How To Dehydrate Corn + Some Tips For Cutting It Off The Cob

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Corn has come under a lot of fire in recent years. There is the GMO controversy, the organic vs non-organic controversy, the high fructose corn syrup controversy, the government subsidies controversy, the crop rotation problems… just to name a few off the top of my head.  This vegetable/fruit/grain (yes corn is all three) has sparked tempers, concern and angst among people who care about what we eat.

I wish I could say that this post would put your mind at ease and help settle all the controversy once and for all, but I confess I don’t have all the answers. What I can do is tell you how to preserve corn if you happen to come into some that you would deem fit to feed your family.  I also did a taste test after I dehydrated fresh corn, frozen corn and canned corn, and finally, I’ve got a few tips for you about how to get get fresh corn off the cob.

How To Dehydrate Corn Step-By-Step

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First start with corn you trust. I’ll get to frozen and canned corn in a moment.

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One trick to shucking corn fast is to place the whole unpeeled ear in the microwave (yeah, I know, another controversial subject) for about 5 minutes.

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 Then cut the end off.

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The corn slides right out.

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It is a pretty cool trick. The corn slides out with no silks attached and is cooked and ready to eat.

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However, if you have 55 ears of corn, well, that’s 5 minutes in the microwave times 55, maybe you can do two at a time so that’s 27.5 times say for 8 minutes. Ok, you see where I’m going with this math. It takes less time to just shuck the corn the old fashioned way. Luckily, I had two boys that were willing to help and of course, many hands make light work.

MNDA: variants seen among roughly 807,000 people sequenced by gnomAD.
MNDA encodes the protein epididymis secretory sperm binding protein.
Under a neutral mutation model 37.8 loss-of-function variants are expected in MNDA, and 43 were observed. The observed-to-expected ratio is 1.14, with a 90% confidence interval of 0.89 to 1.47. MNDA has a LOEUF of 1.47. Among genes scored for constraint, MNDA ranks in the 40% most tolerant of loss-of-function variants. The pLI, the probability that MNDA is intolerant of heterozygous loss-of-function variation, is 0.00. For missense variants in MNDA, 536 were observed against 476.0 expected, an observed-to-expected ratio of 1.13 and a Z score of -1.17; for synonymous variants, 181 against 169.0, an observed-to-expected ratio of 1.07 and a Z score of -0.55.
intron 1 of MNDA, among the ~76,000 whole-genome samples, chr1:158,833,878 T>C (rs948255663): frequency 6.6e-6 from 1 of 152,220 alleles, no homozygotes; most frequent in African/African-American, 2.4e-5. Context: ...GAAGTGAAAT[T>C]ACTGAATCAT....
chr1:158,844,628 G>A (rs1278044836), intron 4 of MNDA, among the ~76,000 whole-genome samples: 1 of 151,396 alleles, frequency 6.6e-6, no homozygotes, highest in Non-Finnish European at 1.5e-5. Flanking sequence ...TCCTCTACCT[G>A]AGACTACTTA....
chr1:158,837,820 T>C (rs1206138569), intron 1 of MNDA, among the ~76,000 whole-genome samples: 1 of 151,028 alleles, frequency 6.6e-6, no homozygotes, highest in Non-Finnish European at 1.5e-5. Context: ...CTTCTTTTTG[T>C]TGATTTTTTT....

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We had the corn shucked in no time.

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 Wash your corn.

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Fill a large pot with water. This is my Victorio water bath canner. I think it’s the best water bath canner ever made but I love it even more, because I can use it for more than just canning.

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 Boil your corn for about 10 minutes.

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 I don’t really use a timer. I know the corn is done when it changes colors.

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Here’s a trick you might have seen floating around on Pinterest. It’s not a bad idea. The only thing is that if you’re not careful you could put nicks in your bundt cake pan. And this is something I wasn’t comfortable with having my children help do.

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So I thought I’d try this corn stripper. It’s a great concept.

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 Place the ear on the base.

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Place the top on.

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 Then run the blade down the ear of corn in a twisting motion.

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 Here’s another picture of the twisting motion.

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The cob is caught in the middle of the hollow tube.

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Unscrew the bottom to retrieve your corn. It is really a great idea and I would highly recommend it for use with children. However, it’s a lot slower than a knife.

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Come to find out the knife and bunt cake pan really do work the best. So you CAN believe some things you read on the internet…….:)

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 Break the corn up before you place it on the dehydrator trays.

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Load up your trays.

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 Here is a close-up of the corn before being dehydrated.

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I started out with 55 ears of corn and filled eight trays in my nine tray Excalibur Dehydrator

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 Set the temperature between 125ᵒF and 135ᵒF and dehydrate for 8 to 12 hours.

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 Here is the what the dehydrated corn looks like.

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As I mentioned above I wanted to do a taste test between the fresh, frozen and canned corn after they have been dehydrated.